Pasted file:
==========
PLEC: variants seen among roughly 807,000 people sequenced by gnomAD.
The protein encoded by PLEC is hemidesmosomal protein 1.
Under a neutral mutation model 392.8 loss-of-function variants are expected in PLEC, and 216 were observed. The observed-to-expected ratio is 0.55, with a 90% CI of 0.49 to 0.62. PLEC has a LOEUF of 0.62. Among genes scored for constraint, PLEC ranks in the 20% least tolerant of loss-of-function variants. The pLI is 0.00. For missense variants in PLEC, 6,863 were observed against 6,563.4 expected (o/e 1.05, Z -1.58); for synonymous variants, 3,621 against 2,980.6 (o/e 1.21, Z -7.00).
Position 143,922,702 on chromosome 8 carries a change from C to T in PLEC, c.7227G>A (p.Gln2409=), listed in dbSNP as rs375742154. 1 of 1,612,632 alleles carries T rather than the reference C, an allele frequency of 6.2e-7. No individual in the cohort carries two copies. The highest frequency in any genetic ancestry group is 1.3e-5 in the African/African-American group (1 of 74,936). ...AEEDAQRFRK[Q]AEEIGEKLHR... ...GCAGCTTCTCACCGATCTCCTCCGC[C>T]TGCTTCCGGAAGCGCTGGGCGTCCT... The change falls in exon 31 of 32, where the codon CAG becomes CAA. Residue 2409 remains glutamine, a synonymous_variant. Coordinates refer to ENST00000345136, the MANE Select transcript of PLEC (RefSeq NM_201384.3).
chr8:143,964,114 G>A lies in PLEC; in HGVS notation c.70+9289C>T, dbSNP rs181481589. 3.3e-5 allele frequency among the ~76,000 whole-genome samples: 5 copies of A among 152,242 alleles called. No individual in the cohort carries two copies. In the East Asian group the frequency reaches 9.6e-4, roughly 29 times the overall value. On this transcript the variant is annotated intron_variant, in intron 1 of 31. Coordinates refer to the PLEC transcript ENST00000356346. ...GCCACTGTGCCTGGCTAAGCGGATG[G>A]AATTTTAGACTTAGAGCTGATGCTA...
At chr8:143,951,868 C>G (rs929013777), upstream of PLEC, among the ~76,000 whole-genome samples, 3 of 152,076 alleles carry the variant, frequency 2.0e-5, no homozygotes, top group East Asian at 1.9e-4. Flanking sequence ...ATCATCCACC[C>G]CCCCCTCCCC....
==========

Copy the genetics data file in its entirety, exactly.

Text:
PLEC: variants seen among roughly 807,000 people sequenced by gnomAD.
The protein encoded by PLEC is hemidesmosomal protein 1.
Under a neutral mutation model 392.8 loss-of-function variants are expected in PLEC, and 216 were observed. The observed-to-expected ratio is 0.55, with a 90% CI of 0.49 to 0.62. PLEC has a LOEUF of 0.62. Among genes scored for constraint, PLEC ranks in the 20% least tolerant of loss-of-function variants. The pLI is 0.00. For missense variants in PLEC, 6,863 were observed against 6,563.4 expected (o/e 1.05, Z -1.58); for synonymous variants, 3,621 against 2,980.6 (o/e 1.21, Z -7.00).
Position 143,922,702 on chromosome 8 carries a change from C to T in PLEC, c.7227G>A (p.Gln2409=), listed in dbSNP as rs375742154. 1 of 1,612,632 alleles carries T rather than the reference C, an allele frequency of 6.2e-7. No individual in the cohort carries two copies. The highest frequency in any genetic ancestry group is 1.3e-5 in the African/African-American group (1 of 74,936). ...AEEDAQRFRK[Q]AEEIGEKLHR... ...GCAGCTTCTCACCGATCTCCTCCGC[C>T]TGCTTCCGGAAGCGCTGGGCGTCCT... The change falls in exon 31 of 32, where the codon CAG becomes CAA. Residue 2409 remains glutamine, a synonymous_variant. Coordinates refer to ENST00000345136, the MANE Select transcript of PLEC (RefSeq NM_201384.3).
chr8:143,964,114 G>A lies in PLEC; in HGVS notation c.70+9289C>T, dbSNP rs181481589. 3.3e-5 allele frequency among the ~76,000 whole-genome samples: 5 copies of A among 152,242 alleles called. No individual in the cohort carries two copies. In the East Asian group the frequency reaches 9.6e-4, roughly 29 times the overall value. On this transcript the variant is annotated intron_variant, in intron 1 of 31. Coordinates refer to the PLEC transcript ENST00000356346. ...GCCACTGTGCCTGGCTAAGCGGATG[G>A]AATTTTAGACTTAGAGCTGATGCTA...
At chr8:143,951,868 C>G (rs929013777), upstream of PLEC, among the ~76,000 whole-genome samples, 3 of 152,076 alleles carry the variant, frequency 2.0e-5, no homozygotes, top group East Asian at 1.9e-4. Flanking sequence ...ATCATCCACC[C>G]CCCCCTCCCC....